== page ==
The moment she set foot in France, the Austrian-born princess had to embrace the rigid traditions of the French court, which dictated her every move and what she should wear. Once she became queen, she rebelled. Aware she would not be able to exert much political influence, she turned to fashion to command attention and, with the help of her favorite “designer”, Rose Bertin, established her own style. Her initial success as a fashion trendsetter came at a cost, however. Soon criticized for her extravagance, and accused of dilapidating the French treasury, her unpopularity gained momentum. Yet, her choices in fashion were copied by women all over Europe. Her tragic death only enhanced her aura, and, to this day, her name remains associated with elegance and luxury.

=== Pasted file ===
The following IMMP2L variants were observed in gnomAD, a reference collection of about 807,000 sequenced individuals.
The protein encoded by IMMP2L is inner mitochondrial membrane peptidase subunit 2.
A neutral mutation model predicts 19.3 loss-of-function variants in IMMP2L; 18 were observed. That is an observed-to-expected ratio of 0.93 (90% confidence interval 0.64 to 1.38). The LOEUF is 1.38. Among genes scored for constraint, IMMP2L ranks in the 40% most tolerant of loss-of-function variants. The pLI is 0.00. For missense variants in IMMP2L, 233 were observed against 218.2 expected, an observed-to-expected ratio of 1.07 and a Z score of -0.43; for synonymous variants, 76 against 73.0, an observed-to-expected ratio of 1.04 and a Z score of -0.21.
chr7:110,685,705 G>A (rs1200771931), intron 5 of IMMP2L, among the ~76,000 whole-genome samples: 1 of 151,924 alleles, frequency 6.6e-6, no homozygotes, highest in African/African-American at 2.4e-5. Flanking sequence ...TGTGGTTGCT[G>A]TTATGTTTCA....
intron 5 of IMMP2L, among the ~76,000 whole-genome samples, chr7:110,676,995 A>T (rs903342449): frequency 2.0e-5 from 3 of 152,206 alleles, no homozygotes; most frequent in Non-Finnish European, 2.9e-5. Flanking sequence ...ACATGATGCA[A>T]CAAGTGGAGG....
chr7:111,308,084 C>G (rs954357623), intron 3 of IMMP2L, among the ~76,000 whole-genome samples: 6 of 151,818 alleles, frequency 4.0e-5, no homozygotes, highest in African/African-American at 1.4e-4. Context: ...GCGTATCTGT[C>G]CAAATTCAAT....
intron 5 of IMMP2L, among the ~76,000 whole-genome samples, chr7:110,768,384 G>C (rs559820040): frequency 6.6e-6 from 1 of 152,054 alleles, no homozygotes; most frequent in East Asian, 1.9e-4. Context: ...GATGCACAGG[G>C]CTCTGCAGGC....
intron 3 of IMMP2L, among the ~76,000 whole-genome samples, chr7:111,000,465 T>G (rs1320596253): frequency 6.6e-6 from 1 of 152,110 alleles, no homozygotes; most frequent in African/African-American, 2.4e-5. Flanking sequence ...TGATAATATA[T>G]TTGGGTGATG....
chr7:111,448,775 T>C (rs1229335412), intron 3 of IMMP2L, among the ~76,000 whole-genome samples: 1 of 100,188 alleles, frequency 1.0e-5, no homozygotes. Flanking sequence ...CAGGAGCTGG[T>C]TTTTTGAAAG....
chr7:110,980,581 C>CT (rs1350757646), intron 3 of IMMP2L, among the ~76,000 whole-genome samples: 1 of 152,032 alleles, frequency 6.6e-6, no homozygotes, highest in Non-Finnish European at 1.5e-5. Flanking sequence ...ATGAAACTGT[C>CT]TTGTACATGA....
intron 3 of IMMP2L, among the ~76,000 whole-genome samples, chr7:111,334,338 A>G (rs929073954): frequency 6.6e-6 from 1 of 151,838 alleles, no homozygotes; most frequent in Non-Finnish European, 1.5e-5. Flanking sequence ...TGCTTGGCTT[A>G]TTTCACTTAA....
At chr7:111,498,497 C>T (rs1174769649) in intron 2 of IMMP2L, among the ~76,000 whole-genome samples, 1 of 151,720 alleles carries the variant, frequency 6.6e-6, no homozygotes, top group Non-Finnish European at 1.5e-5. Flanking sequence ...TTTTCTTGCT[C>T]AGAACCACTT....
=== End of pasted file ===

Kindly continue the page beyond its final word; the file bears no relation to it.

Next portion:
In the series:
Mar. 2 – Marie Antoinette
Mar. 9 – Empress Eugénie
Mar. 23 – Marlene Dietrich
Mar. 30 – Jackie Kennedy
Apr. 13 – Princess Diana
Apr. 30 – Audrey Hepburn** added lecture
Olivier Courteaux received his B.A. in History, M.A. in War and Conflict Studies and Ph.D. in Contemporary International Relations from the University of Paris-Sorbonne. He has lectured at various Canadian universities, including Ryerson and the Royal Military College of Canada.
He is the author of The War on Terror: The Canadian Dilemma (2009), Canada Between Vichy and Free France, 1940-1945 (2013) and Quatre Journées qui ébranlèrent le Québec, on Charles de Gaulle’s famous 1967 “Vive le Québec Libre” (2017). His latest books are: The Empress Eugenie at Suez, 1869 and France and Egypt during the Second Empire.